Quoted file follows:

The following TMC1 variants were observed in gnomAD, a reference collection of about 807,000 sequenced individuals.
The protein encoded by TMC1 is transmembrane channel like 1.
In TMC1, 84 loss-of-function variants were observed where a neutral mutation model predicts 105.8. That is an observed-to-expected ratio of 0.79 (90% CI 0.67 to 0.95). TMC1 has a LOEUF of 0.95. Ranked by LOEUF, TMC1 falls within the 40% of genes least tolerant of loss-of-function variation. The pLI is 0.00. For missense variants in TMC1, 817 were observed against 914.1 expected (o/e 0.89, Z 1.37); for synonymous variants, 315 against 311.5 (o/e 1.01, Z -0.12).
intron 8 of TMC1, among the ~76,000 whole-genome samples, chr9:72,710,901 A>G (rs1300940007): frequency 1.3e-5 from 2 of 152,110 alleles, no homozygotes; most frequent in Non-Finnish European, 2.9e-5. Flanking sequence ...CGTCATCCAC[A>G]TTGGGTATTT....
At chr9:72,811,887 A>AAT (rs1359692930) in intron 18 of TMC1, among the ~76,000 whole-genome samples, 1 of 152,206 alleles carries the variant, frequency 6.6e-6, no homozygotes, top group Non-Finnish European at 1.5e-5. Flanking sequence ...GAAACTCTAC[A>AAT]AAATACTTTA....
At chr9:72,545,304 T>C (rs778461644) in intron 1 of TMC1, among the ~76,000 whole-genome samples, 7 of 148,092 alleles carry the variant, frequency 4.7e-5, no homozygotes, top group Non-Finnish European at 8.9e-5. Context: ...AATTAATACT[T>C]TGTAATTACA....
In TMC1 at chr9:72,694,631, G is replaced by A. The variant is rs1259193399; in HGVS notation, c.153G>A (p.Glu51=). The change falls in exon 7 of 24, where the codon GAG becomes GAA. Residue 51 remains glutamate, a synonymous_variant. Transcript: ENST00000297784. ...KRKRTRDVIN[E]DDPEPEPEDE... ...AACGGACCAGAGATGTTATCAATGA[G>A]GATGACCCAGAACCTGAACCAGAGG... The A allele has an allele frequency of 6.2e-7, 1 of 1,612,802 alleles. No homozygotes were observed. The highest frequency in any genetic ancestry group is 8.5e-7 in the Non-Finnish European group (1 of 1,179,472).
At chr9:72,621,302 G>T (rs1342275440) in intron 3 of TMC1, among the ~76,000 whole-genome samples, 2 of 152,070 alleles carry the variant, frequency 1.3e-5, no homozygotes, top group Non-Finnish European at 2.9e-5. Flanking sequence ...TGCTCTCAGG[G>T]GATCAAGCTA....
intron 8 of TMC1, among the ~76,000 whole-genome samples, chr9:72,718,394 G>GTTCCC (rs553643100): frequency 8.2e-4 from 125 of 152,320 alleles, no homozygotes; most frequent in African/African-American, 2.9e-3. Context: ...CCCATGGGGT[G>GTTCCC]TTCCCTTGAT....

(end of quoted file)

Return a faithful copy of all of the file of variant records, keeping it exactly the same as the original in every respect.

The following TMC1 variants were observed in gnomAD, a reference collection of about 807,000 sequenced individuals.
The protein encoded by TMC1 is transmembrane channel like 1.
In TMC1, 84 loss-of-function variants were observed where a neutral mutation model predicts 105.8. That is an observed-to-expected ratio of 0.79 (90% CI 0.67 to 0.95). TMC1 has a LOEUF of 0.95. Ranked by LOEUF, TMC1 falls within the 40% of genes least tolerant of loss-of-function variation. The pLI is 0.00. For missense variants in TMC1, 817 were observed against 914.1 expected (o/e 0.89, Z 1.37); for synonymous variants, 315 against 311.5 (o/e 1.01, Z -0.12).
intron 8 of TMC1, among the ~76,000 whole-genome samples, chr9:72,710,901 A>G (rs1300940007): frequency 1.3e-5 from 2 of 152,110 alleles, no homozygotes; most frequent in Non-Finnish European, 2.9e-5. Flanking sequence ...CGTCATCCAC[A>G]TTGGGTATTT....
At chr9:72,811,887 A>AAT (rs1359692930) in intron 18 of TMC1, among the ~76,000 whole-genome samples, 1 of 152,206 alleles carries the variant, frequency 6.6e-6, no homozygotes, top group Non-Finnish European at 1.5e-5. Flanking sequence ...GAAACTCTAC[A>AAT]AAATACTTTA....
At chr9:72,545,304 T>C (rs778461644) in intron 1 of TMC1, among the ~76,000 whole-genome samples, 7 of 148,092 alleles carry the variant, frequency 4.7e-5, no homozygotes, top group Non-Finnish European at 8.9e-5. Context: ...AATTAATACT[T>C]TGTAATTACA....
In TMC1 at chr9:72,694,631, G is replaced by A. The variant is rs1259193399; in HGVS notation, c.153G>A (p.Glu51=). The change falls in exon 7 of 24, where the codon GAG becomes GAA. Residue 51 remains glutamate, a synonymous_variant. Transcript: ENST00000297784. ...KRKRTRDVIN[E]DDPEPEPEDE... ...AACGGACCAGAGATGTTATCAATGA[G>A]GATGACCCAGAACCTGAACCAGAGG... The A allele has an allele frequency of 6.2e-7, 1 of 1,612,802 alleles. No homozygotes were observed. The highest frequency in any genetic ancestry group is 8.5e-7 in the Non-Finnish European group (1 of 1,179,472).
At chr9:72,621,302 G>T (rs1342275440) in intron 3 of TMC1, among the ~76,000 whole-genome samples, 2 of 152,070 alleles carry the variant, frequency 1.3e-5, no homozygotes, top group Non-Finnish European at 2.9e-5. Flanking sequence ...TGCTCTCAGG[G>T]GATCAAGCTA....
intron 8 of TMC1, among the ~76,000 whole-genome samples, chr9:72,718,394 G>GTTCCC (rs553643100): frequency 8.2e-4 from 125 of 152,320 alleles, no homozygotes; most frequent in African/African-American, 2.9e-3. Context: ...CCCATGGGGT[G>GTTCCC]TTCCCTTGAT....